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Talking Heads: 77: Where It All Began For NYC’s New Wave Pioneers
Gijsbert Hanekroot / Alamy Stock Photo
In Depth

Talking Heads: 77: Where It All Began For NYC’s New Wave Pioneers

As a debut album, ‘Talking Heads: 77’ revealed the group’s musical versatility while hinting at their glorious future as post-punk royalty.

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Though Talking Heads cut their teeth playing shows in legendary New York City punk venues such as CBGB and Max’s Kansas City at the same time as Ramones, Patti Smith Group, Blondie and Television, their debut album, Talking Heads: 77, released in the autumn of 1977, showed how they’d outgrown the restrictions of punk while most other groups were still grappling with its most rudimentary elements.

Listen to ‘Talking Heads: 77’ here[Linkfire].

“We were always outside the CBGB scene”

While most band are desperate to rush out their debut album, Talking Heads benefitted from taking time to craft theirs. Singer David Byrne, drummer Chris Frantz and bassist-to-be Tina Weymouth arrived in New York City in late 1974. During their time at Rhode Island School Of Design, Byrne and Frantz had previously played together in a short-lived group called The Artistics, and, on seeing Ramones at CBGB shortly after their arrival, they were inspired to give music another shot. They couldn’t find a suitable bassist in the city, however, so Weymouth stepped up, despite never having touched a bass guitar before. The trio then practiced for six months before booking their first gig, fittingly, in support of Ramones at CBGB in June 1975.

Two years then passed before the release of Talking Heads: 77. During that time Jerry Harrison, formerly of The Modern Lovers, joined on guitar and keys, and Lou Reed offered to produce the group as part of a recording deal, drawn up by Reed’s then manager, Jonny Podell, that Talking Heads quickly realised was not in their best interests. After turning the proposal down, the group’s musical horizons were broadened considerably by both the New York nightlife – where disco and salsa packed the city’s dancefloors – and by the company they kept, working with pioneering musical talents such as producer Arthur Russell, minimalist composer Philip Glass and avant-garde jazz trumpeter Don Cherry.

The wait paid off. Immediately setting the group apart from the CBGB pack, Talking Heads: 77 also pointed the way to post-punk’s fast-approaching future. As Tina Weymouth told Melody Maker’s Caroline Coon in May 1977: “In a way, we were always outside the CBGB scene. They were very snotty to us there because we didn’t dress like the New York Dolls.” Rather than rely on image, Talking Heads’ material had been honed by gigging, as the group worked up a self-assured sound unlike any of their contemporaries’. Rather than the crash and wallop of their NYC punk pals, Talking Heads dealt in slinky grooves, memorable melodies, inventive arrangements and tetchy funk. And, in David Byrne, they had a singer with a style all his own.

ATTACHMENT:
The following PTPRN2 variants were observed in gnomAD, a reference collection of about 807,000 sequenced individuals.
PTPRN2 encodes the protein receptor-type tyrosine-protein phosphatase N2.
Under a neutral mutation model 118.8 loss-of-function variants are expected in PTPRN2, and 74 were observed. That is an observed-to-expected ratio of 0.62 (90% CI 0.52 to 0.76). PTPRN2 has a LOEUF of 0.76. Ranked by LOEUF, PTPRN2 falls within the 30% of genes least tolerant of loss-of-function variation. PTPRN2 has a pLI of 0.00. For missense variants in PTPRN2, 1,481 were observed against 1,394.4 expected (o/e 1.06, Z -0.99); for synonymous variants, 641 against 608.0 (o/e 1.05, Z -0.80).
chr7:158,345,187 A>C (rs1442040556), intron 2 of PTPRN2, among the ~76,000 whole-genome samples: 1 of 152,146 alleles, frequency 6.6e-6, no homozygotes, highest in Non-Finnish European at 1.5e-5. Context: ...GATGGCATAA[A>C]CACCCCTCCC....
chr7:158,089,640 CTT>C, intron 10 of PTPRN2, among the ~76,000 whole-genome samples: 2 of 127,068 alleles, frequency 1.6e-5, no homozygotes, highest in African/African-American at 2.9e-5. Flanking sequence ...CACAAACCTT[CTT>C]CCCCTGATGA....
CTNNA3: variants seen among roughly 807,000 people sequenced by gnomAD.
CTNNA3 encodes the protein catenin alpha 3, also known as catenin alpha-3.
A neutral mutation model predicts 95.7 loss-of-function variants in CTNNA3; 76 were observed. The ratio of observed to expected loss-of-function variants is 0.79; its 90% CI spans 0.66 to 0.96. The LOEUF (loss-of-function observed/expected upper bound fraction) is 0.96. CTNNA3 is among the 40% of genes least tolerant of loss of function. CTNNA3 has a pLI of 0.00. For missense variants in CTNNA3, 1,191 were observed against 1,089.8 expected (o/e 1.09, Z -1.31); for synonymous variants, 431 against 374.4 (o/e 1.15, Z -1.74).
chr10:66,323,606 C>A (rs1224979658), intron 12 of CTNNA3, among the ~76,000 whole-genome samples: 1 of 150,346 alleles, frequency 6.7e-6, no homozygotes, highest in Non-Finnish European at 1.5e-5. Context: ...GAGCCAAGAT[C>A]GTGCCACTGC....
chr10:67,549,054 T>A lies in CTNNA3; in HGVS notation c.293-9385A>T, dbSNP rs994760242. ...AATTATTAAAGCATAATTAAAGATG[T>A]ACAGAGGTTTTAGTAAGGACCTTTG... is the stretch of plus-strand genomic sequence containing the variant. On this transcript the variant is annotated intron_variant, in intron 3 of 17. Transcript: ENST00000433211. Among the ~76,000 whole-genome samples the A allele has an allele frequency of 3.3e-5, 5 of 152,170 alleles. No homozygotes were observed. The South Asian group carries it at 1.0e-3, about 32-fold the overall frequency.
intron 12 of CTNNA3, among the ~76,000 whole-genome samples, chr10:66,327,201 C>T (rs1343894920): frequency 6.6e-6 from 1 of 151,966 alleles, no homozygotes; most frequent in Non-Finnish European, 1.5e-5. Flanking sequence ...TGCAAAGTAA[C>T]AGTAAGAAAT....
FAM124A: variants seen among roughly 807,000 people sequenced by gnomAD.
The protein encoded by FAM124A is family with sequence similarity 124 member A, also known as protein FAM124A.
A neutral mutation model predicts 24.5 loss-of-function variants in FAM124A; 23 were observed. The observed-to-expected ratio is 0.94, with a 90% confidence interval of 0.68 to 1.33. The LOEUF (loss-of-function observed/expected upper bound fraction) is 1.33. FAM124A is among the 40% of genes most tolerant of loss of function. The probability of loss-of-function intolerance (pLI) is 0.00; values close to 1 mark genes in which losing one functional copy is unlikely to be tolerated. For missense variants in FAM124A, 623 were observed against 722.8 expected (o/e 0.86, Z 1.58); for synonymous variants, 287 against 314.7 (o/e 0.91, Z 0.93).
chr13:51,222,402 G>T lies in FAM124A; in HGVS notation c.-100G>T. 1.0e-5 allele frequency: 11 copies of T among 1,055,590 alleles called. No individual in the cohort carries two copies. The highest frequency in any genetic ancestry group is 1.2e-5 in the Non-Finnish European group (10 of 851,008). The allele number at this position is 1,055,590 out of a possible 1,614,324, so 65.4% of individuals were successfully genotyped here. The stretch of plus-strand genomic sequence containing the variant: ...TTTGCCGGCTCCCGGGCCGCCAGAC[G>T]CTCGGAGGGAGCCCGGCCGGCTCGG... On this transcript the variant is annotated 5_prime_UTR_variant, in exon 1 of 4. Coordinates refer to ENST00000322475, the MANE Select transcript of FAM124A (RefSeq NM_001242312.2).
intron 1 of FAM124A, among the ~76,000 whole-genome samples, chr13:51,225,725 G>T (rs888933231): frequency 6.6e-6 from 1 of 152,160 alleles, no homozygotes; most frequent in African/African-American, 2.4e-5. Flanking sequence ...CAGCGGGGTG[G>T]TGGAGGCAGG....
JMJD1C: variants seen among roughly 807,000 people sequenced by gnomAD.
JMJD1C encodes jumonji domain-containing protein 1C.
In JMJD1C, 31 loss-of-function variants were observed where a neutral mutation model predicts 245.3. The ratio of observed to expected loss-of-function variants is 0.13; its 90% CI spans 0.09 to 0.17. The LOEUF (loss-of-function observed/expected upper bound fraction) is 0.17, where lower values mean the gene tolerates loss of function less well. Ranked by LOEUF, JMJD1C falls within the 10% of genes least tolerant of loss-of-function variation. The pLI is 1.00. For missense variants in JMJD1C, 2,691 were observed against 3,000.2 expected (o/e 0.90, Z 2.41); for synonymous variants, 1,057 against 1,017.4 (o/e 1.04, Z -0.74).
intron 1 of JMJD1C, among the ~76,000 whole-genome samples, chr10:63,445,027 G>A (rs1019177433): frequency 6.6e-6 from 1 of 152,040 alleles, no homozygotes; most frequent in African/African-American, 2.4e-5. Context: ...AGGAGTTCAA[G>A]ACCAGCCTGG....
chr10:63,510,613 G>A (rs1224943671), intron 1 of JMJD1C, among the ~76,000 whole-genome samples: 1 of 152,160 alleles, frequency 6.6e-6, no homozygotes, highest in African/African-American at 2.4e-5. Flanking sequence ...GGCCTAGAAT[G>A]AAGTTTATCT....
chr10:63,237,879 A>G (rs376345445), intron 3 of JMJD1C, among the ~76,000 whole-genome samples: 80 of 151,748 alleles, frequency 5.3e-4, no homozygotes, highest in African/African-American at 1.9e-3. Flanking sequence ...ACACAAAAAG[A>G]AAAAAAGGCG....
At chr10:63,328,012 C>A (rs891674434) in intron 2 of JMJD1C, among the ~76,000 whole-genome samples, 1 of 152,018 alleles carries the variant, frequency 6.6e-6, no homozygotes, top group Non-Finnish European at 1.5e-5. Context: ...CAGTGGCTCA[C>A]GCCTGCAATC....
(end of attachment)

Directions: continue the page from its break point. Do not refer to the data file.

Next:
“No way will I make the music more mainstream”

The album’s best-known song is also one of it’s least typical. While most of Talking Heads: 77 teems with energy, Psycho Killer introduces itself in an altogether more sinister way, with Tina Weymouth’s stark, instantly recognisable bassline joined by agitated, choppy guitar before Byrne enters, utterly inhabiting the titular role with an astonishing performance that suggested he was as much a method actor as he was a lead singer. His lyrics, too, set the group apart, avoiding hammy horror tropes in favour of a narrative delivered right from the mind of a psychopath. It was the first song Byrne, Frantz and Weymouth wrote together, and to this day it remains one of the best Talking Heads songs.

Elsewhere, Talking Heads: 77 hints at the group’s future. Uh-Oh, Love Comes To Town rides an infectious groove; New Feeling shows Talking Heads’ ability to make swift handbrake turns, flitting between galloping, near-ska verses and reflective breakdowns; Happy Day showcases a blissed-out gentle side that would later come to the fore on songs such as Speaking In Tongues’ Naïve Melody (This Must Be The Place); Don’t Worry About The Government’s lyrics are an early example of Byrne using a functionalist way of thinking (“My building has every convenience/It’s going to make life easy for me”); Pulled Up makes for a barnstorming closer, with Byrne shrieking, grunting and howling as the band hurtle towards the album’s conclusion.

Released on 16 September 1977, Talking Heads: 77 was a modest hit, making it into the Top 100 of the Billboard 200. But it set the wheels in motion for the group to create some of the most groundbreaking albums of the 70s and 80s while also reaping major financial rewards. From the outset, however, that wasn’t important to the band. “Naturally we want commercial success, but never again, no way, will I make the music more mainstream,” Byrne asserted to Melody Maker. “If we aren’t successful then I’ll just think that our initial ideas weren’t refined enough and that we weren’t communicating well enough. If anything, I think we would then have to be more unusual – well, not just unusual, exactly. We’d just have to do what we’re doing better.”

Check out our best Talking Heads songs to find out which ‘Talking Heads: 77’ tracks made the cut.

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